By: Pat Longan, William Augustus Bootle Chair in Ethics and Professionalism
Director, Mercer Center for Legal Ethics and Professionalism
Mercer University School of Law
On March 8, 2024, Mercer University Law School and the Mercer Center for Legal Ethics and Professionalism will host a symposium on current issues in professional identity formation. The Mercer Law Review will publish the articles that emerge from the event.
The symposium is the 24th annual Georgia symposium on professionalism and ethics. The series is funded by an endowment that resulted from the settlement of charges of litigation misconduct in a civil case in the United States District Court for the Middle District of Georgia in the 1990’s. That same settlement endowed professorial chairs in ethics and professionalism at Mercer, the University of Georgia, Emory University, and Georgia State. The annual symposium rotates among those four schools.
Mercer’s 2024 symposium will have four main presenters, who will each be followed by two commentators.
David Grenardo of the University of St. Thomas School of Law will present on “How Law Schools Can Help Historically Underrepresented Students Develop Their Professional Identities.” Women, people of color, first gen college and first gen law students, and individuals from the LGBTQIA+ group may have a harder time with their professional identity formation, particularly if they do not have family members, role models, and/or mentors who are lawyers. When you add in structural and institutional racism, sexism, and other forms of discrimination, bias, and prejudice that are a part of the legal system, it makes it that much more difficult for historically underrepresented individuals to know where and how they will fit in as lawyers. David’s presentation will focus on what law schools can do for these students as they develop their professional identities.
The commentators for David’s presentation will be Barbara Glesner Fines from UMKC School of Law and Janice Craft from the University of Richmond School of Law.
Daisy Floyd from Mercer Law will speak on “The Role of Purpose in Professional Identity.” In Educating Lawyers, the Carnegie Report describes the apprenticeship of “identity and purpose” to emphasize the importance of grounding legal education—and the student’s emerging professional identity as a lawyer—in the public purposes of the profession. During the 1950’s, social scientists began to study the role of meaning and purpose in a person’s life, and the advent of positive psychology in the early 2000’s spurred an emerging body of empirical research on the importance of purpose to a fulfilled and meaningful life. This presentation will address what lessons legal educators can learn from purpose studies to inform our work on the formation of professional identity.
Ken Townsend from Wake Forest Law and Harmony Decosimo from Suffolk Law School will be Daisy’s commentators.
Kendall Kerew from Georgia State College of Law has chosen as her topic, “The Rule of Law, the Role of the Public Citizen, and Professional Identity Formation.” The Preamble of the Model Rules of Professional Conduct defines a lawyer as “a representative of clients, an officer of the legal system and a public citizen having special responsibility for the quality of justice,” and charges lawyers as “public citizens” to “seek improvement of the law, access to the legal system, the administration of justice and the quality of service rendered by the legal profession” while also “further[ing] the public’s understanding of and confidence in the rule of law and justice system. . . .” This presentation will explore the intersection of the Preamble’s definition of lawyer with the intentional exploration of law student professional identity formation and training on cross-cultural competence, racism, and bias required by ABA Standards 303(b)(3) and 303(c) as a means to help students discern their role as future lawyers and empower students in their duties to protect the rule of law as the foundation of democracy, provide access to justice, and make change where the law has created injustice.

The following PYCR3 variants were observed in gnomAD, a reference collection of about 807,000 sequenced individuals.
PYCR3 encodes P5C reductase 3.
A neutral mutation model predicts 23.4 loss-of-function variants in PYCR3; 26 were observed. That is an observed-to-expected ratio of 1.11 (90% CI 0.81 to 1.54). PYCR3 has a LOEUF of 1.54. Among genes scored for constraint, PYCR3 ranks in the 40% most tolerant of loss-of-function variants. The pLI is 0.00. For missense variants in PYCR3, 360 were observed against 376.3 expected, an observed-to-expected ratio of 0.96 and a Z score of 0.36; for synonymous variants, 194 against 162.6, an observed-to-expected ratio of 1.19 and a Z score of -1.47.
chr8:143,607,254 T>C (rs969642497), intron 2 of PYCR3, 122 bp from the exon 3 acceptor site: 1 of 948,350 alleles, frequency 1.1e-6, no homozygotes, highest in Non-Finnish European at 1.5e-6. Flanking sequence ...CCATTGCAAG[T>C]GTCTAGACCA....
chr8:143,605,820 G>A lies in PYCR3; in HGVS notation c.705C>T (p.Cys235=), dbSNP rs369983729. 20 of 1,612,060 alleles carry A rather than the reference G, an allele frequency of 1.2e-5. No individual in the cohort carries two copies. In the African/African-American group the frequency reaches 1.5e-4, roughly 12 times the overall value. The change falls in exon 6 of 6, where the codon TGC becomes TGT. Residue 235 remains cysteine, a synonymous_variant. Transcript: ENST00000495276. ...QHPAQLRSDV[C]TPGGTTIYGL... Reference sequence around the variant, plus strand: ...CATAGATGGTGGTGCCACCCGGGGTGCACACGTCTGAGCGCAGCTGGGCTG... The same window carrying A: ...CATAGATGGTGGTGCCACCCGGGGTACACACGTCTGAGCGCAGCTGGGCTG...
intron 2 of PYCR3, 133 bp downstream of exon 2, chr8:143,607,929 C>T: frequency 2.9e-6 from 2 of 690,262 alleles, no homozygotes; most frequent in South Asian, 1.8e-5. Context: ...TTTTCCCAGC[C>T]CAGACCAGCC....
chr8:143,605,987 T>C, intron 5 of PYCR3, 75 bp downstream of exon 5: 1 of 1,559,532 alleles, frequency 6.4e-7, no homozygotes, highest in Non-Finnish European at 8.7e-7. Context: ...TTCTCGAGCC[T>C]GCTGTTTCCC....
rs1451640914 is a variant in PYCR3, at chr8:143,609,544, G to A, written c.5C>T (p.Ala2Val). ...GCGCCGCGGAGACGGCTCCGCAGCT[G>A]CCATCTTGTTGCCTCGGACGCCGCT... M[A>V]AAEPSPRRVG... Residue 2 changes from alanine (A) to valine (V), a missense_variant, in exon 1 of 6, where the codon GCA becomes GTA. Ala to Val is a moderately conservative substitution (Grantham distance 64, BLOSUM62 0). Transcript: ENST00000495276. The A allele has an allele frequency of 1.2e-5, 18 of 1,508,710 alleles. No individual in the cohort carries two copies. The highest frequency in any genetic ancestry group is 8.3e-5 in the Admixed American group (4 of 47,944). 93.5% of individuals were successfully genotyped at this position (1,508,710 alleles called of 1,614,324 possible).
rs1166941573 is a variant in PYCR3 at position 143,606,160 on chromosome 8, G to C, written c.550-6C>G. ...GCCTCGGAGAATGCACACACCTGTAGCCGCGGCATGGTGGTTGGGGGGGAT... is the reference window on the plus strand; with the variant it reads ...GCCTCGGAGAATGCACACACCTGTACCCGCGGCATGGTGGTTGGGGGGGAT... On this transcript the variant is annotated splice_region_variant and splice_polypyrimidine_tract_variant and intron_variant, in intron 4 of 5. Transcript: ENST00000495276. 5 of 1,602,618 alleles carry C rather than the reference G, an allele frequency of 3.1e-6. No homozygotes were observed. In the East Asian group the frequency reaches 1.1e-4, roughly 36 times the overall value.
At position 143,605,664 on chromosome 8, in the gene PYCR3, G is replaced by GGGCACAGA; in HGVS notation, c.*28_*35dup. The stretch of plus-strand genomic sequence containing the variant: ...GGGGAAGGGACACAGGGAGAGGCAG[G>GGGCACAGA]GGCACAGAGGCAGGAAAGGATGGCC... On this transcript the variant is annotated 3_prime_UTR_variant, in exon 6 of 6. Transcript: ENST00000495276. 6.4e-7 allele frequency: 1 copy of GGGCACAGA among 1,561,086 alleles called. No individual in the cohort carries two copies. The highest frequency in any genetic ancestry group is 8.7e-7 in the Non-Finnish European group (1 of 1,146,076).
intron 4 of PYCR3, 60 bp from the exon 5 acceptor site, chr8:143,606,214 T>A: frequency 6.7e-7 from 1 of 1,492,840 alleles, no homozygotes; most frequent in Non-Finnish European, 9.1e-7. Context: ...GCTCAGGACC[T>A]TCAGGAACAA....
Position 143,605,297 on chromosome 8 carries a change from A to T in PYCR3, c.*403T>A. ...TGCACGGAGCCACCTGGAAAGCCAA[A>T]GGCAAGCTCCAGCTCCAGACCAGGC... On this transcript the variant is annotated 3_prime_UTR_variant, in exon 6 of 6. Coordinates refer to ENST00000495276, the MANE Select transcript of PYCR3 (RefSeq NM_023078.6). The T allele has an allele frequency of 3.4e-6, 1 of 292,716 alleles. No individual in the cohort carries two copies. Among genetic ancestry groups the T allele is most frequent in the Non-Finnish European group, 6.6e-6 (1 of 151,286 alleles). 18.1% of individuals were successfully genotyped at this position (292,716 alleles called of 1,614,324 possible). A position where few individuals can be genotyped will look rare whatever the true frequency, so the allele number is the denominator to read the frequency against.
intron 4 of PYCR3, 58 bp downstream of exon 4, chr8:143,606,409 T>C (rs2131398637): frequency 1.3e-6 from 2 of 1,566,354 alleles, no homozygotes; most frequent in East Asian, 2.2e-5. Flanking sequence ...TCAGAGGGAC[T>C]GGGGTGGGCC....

Kendall’s commentators will be Eduardo Capulong from CUNY School of Law and Kelly Terry from University of Arkansas Little Rock (UALR) William H. Bowen School of Law.
Finally, Aric Short from Texas A&M University School of Law will speak on “Beyond Fiduciary Duties: Developing Discernment to Navigate Conflict in Law Student Professional Identity Formation.” The concept of lawyer as fiduciary is deeply rooted in what it means to be an attorney—it’s integral to our professional identity. Aric’s presentation and paper will explore the concept of the lawyer as fiduciary, including how that label affects well-being messaging and programming in law schools. Aric will identify predictable conflicts that can arise for legal professionals in the areas of values, duties, and priorities and explore how we can more effectively guide students to develop effective skills of discernment to better prepare them for these professional conflicts.
Carwina Weng from LSAC and Lindsey Gustafson from UALR William H. Bowen School of Law will provide the commentary on Aric’s presentation.
The events begin with a dinner for the speakers, invited guests, and Mercer Law Review members the night of March 7 at the Georgia Sports Hall of Fame. The Honorable Tony DelCampo, President of the State Bar of Georgia, will provide the welcoming address. The following day’s program will be held in the Bell-Jones Courtroom at Mercer’s law school.
I extend my thanks to all who have agreed to be part of this event. Anyone who is interested in attending or has any questions about the symposium may contact me at email@example.com.